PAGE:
UCL Faculty of Laws


Professor Jeff King awarded the Philip Leverhulme Prize 2017

10 November 2017

Jeff King

Professor Jeff King, Professor of Law at UCL Faculty of Laws, has been awarded the Philip Leverhulme Prize 2017.

Philip Leverhulme Prizes recognise the achievement of outstanding researchers whose work has already attracted international recognition and whose future career is exceptionally promising. Every year the prize scheme makes up to thirty awards of £100,000, across a range of academic disciplines.

Professor King intends to use the funds to finish a book relating to a long-running research project concerning the social dimension of the rule of law.

Building on 18 months in Germany as an Alexander von Humboldt Fellow in 2014-2015, the project will be a comparative study of the rule of law/Rechtsstaat/estado de derecho concept in both theory and practice.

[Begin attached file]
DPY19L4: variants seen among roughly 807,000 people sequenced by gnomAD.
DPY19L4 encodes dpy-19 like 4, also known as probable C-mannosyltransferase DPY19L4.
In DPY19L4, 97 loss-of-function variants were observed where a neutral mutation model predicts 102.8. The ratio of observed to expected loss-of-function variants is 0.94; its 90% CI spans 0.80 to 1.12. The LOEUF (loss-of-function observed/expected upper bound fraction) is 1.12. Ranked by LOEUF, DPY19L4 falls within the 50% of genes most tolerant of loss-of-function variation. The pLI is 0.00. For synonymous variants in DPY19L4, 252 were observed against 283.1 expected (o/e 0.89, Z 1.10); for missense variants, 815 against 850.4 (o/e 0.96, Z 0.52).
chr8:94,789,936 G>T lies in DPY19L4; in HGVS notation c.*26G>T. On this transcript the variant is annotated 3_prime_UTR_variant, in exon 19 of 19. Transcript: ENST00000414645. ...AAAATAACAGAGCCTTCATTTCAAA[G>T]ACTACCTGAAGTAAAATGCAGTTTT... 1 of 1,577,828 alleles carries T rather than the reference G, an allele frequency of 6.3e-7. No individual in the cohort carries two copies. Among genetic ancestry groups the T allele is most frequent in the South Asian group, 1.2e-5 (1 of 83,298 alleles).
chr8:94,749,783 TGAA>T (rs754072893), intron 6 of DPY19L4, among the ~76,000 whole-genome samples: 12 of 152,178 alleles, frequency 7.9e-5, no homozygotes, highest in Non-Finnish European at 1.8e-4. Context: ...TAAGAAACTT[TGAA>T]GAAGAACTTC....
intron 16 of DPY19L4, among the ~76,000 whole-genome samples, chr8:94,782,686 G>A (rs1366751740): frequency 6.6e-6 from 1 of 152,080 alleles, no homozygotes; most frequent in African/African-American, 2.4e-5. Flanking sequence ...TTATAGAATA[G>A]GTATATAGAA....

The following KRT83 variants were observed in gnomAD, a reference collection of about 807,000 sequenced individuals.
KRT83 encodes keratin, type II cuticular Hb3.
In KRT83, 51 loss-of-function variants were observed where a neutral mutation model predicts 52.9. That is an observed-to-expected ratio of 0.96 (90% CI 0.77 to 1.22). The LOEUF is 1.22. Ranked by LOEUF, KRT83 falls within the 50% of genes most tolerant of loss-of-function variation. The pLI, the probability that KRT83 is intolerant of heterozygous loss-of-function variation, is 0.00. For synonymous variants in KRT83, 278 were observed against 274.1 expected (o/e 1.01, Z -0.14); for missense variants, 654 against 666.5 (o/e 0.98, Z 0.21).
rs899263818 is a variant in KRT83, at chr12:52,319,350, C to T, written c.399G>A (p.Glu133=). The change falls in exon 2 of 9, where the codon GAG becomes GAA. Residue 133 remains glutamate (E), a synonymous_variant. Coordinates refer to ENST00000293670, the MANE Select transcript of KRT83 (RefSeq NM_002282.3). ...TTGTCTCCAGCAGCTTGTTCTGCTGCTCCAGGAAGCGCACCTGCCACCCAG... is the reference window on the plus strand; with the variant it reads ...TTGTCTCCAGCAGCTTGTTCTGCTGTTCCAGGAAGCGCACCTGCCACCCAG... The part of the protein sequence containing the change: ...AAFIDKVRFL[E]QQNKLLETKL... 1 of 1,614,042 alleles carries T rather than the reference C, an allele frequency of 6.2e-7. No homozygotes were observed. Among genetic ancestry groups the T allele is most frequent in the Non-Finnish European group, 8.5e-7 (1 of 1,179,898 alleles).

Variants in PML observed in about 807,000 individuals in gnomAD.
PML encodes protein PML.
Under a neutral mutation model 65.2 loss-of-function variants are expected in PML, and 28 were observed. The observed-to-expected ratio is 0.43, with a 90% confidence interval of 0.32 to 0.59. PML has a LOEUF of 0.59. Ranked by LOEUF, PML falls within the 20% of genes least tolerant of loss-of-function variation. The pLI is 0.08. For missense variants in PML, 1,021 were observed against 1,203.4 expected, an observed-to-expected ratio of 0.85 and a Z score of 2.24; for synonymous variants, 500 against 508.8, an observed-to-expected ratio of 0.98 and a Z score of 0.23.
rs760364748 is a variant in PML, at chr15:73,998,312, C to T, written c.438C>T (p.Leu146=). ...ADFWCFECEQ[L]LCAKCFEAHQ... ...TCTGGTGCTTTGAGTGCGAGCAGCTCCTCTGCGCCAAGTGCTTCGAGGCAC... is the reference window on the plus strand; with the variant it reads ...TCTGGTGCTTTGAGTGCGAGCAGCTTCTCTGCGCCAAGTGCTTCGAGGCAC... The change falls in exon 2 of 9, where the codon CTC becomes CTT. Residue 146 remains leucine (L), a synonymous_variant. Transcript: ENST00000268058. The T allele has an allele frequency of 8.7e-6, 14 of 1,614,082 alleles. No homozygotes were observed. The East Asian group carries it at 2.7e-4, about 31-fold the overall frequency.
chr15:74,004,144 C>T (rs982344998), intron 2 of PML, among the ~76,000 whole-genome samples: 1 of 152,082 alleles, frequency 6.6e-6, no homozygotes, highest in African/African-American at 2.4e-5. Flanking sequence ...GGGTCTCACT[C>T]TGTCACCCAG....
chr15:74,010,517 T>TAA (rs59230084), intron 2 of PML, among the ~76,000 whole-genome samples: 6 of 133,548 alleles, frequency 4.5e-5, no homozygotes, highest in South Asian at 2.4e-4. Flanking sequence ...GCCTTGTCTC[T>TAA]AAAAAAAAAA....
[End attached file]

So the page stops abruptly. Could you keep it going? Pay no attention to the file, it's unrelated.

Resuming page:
More specifically, and inspired by the German experience, Professor King will elaborate his argument for why the best conception of the rule of law requires, contrary to prevailing opinion, the legal provision of a robust welfare and regulatory state.

Professor King said:

‘I have been working on this project since early 2015 and it ties together various interests: in constitutional theory, social rights, comparative public law, and in recent years, in the social dimensions of private and some international law especially relating to sovereign debt.

In the last years of discussion of this topic with brilliant minds all over the world, several veins of inquiry have been opened for exploration and some difficult objections need to be addressed over months rather than days. I look forward to taking up these opportunities and posting and presenting my work in the coming years.

My hope is that this book might help rid us of some of the lingering neoliberal aspects of the rule of law idea, and put emphasis on how that concept rather implies the provision of legal security for rights against uses of not only force, but also exploitation.

I think this conception is implicit or nascent in some recent thinking, but this book will reason it from solid foundations and in light of comparative law, both public and private.’

Read more about the Philip Leverhulme Prize 2017 Winners